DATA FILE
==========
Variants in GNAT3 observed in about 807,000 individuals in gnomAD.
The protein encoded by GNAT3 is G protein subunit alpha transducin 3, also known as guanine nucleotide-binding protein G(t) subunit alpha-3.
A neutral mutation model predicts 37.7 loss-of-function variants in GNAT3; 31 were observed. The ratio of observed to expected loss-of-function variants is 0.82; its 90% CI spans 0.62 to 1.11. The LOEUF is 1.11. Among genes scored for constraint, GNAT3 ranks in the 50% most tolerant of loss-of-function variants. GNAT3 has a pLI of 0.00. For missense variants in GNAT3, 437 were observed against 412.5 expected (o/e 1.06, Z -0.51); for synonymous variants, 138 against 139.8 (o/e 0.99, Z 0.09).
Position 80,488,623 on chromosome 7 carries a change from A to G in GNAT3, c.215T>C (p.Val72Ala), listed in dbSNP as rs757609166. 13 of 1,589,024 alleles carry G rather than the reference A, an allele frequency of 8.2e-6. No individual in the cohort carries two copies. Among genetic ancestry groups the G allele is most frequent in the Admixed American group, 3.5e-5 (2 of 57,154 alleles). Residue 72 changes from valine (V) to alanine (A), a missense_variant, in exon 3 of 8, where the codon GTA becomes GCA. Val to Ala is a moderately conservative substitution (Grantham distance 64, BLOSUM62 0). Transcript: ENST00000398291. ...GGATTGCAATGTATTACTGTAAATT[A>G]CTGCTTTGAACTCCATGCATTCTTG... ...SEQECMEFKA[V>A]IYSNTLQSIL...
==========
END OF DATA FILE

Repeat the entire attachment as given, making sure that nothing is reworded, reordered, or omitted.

Variants in GNAT3 observed in about 807,000 individuals in gnomAD.
The protein encoded by GNAT3 is G protein subunit alpha transducin 3, also known as guanine nucleotide-binding protein G(t) subunit alpha-3.
A neutral mutation model predicts 37.7 loss-of-function variants in GNAT3; 31 were observed. The ratio of observed to expected loss-of-function variants is 0.82; its 90% CI spans 0.62 to 1.11. The LOEUF is 1.11. Among genes scored for constraint, GNAT3 ranks in the 50% most tolerant of loss-of-function variants. GNAT3 has a pLI of 0.00. For missense variants in GNAT3, 437 were observed against 412.5 expected (o/e 1.06, Z -0.51); for synonymous variants, 138 against 139.8 (o/e 0.99, Z 0.09).
Position 80,488,623 on chromosome 7 carries a change from A to G in GNAT3, c.215T>C (p.Val72Ala), listed in dbSNP as rs757609166. 13 of 1,589,024 alleles carry G rather than the reference A, an allele frequency of 8.2e-6. No individual in the cohort carries two copies. Among genetic ancestry groups the G allele is most frequent in the Admixed American group, 3.5e-5 (2 of 57,154 alleles). Residue 72 changes from valine (V) to alanine (A), a missense_variant, in exon 3 of 8, where the codon GTA becomes GCA. Val to Ala is a moderately conservative substitution (Grantham distance 64, BLOSUM62 0). Transcript: ENST00000398291. ...GGATTGCAATGTATTACTGTAAATT[A>G]CTGCTTTGAACTCCATGCATTCTTG... ...SEQECMEFKA[V>A]IYSNTLQSIL...